Headteacher Magazine, guide to services and products for UK Schools
By Claire Stead, Online Safety Expert at Smoothwall
In 2016, UK schools saw a disappointing decline in A*-C grades at GCSE level, with the proportion of pupils who gained a C grade or above dropping by 2.1 percentage points from the previous year. Furthermore, results from primary schools in 2015 suggest that almost half of all students were failing to achieve adequate levels of understanding and ability in Maths, English and Science. Clearly, this is a huge concern and something very much on the agenda to solve for educational organisations across the country. Moreover, it highlights a major issue, that current teaching methods may no longer be the best and most effective approach for the young people of today.
The most successful educational experiences are ones that engage with students’ behaviour. Today’s students are the most technologically engaged and savvy generation there’s ever been, with two thirds of 8-12 year olds now owning a smartphone, and teaching methods need to reflect that. One of the latest pieces of technology does just that, Virtual Reality (VR). It uses a headset to immerse users into an environment or place that they otherwise would be unable to go to. VR enables the user to be contained within the environment, rather than outside looking as with Augmented Reality. Even though the commercial applications of VR are in the realm of gaming, there is certainly the appetite for VR to be used within education to improve the learning experience.
Initially you’d expect VR to be only relevant within primary and secondary schools, however it can provide vital training practice within higher education institutions as well. For instance:
VR however isn’t all about creating an experience. It is also a terrific way to enrich and complement existing teaching methods by helping students visualise, and in turn understand complex subjects and theories. For example, a biology teacher could use the technology to transport students down the path of food through the digestive system.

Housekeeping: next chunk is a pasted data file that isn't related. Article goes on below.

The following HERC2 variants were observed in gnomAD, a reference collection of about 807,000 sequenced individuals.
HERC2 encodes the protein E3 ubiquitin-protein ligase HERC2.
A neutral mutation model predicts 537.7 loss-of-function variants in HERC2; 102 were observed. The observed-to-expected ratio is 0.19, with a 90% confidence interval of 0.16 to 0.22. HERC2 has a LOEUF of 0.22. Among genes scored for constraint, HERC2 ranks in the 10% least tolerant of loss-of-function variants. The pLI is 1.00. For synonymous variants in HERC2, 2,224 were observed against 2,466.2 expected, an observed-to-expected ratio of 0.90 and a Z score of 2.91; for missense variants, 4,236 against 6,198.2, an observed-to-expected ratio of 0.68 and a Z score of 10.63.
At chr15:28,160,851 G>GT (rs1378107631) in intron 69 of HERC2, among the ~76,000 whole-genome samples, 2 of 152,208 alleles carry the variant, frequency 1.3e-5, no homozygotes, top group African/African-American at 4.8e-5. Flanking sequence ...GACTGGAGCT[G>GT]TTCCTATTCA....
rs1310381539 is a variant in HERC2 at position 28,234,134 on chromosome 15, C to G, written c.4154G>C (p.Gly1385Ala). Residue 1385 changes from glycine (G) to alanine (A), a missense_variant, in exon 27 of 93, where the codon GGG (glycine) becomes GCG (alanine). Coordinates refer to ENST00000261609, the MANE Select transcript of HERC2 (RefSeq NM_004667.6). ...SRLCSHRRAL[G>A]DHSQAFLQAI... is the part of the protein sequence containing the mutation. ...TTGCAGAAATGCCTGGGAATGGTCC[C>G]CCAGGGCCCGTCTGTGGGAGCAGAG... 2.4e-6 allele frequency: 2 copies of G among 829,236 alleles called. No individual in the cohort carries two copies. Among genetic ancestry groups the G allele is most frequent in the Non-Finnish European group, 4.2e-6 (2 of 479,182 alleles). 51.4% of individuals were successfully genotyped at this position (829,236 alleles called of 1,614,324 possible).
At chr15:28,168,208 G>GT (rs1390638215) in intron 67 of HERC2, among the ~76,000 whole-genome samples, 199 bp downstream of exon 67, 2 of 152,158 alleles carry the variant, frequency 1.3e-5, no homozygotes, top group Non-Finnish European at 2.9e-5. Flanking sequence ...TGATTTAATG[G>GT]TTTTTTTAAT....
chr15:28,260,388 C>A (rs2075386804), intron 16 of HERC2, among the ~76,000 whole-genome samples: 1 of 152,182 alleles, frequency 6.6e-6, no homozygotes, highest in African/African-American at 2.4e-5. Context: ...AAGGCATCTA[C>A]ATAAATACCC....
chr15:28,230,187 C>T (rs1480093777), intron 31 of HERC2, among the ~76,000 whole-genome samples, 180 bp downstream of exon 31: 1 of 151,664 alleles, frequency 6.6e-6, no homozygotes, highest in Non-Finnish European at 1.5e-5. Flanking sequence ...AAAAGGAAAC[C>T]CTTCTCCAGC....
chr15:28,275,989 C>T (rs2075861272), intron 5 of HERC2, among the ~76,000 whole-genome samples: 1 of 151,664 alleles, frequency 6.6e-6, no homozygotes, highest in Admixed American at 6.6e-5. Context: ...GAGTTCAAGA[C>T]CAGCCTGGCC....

As with all technology, there are road bumps, with price and accessibility being the main concerns. It was recently announced that schools in England are to face real-time funding cuts for the first time in 20 years, and as a result will unlikely have budget available to invest in new technologies. Even if schools do manage to purchase new technologies, it is a lengthy process to train teachers and students how to use the new equipment.
VR also presents teachers with a number of hurdles. Firstly, it’s essential that teachers are mindful of the session’s learning objectives and ensure these are effectively communicated to the pupils so they get the most out of the session. If not planned accordingly, it could cause disruption within the lesson as it will be difficult to get the students’ attention when everyone’s wearing the headsets. Also, working in groups can be difficult because the VR experience is something the user undergoes on their own, and even evaluating the experience with the whole group afterwards can be challenging.
Other issues include whether the school is capable of sustaining the technology. For instance, do they have a strong enough Wi-Fi connection and bandwidth to support it, is there space where students can use VR without tripping on desks and is the network security still able to protect against threats? These concerns raise the question whether UK schools are equipped for the 21st century and should prompt school leaders to revisit their long-term plans.
Nonetheless, the positives of adopting this immersive, collaborative and engaging technology far outweigh the negatives. And moreover, the challenges are more teething problems than long-term major concerns. In short, Virtual Reality has the capability to be an invaluable piece of technology to enhance the learning experience. Where possible, schools should be looking to embrace such innovations in the classroom to reengage their pupils.
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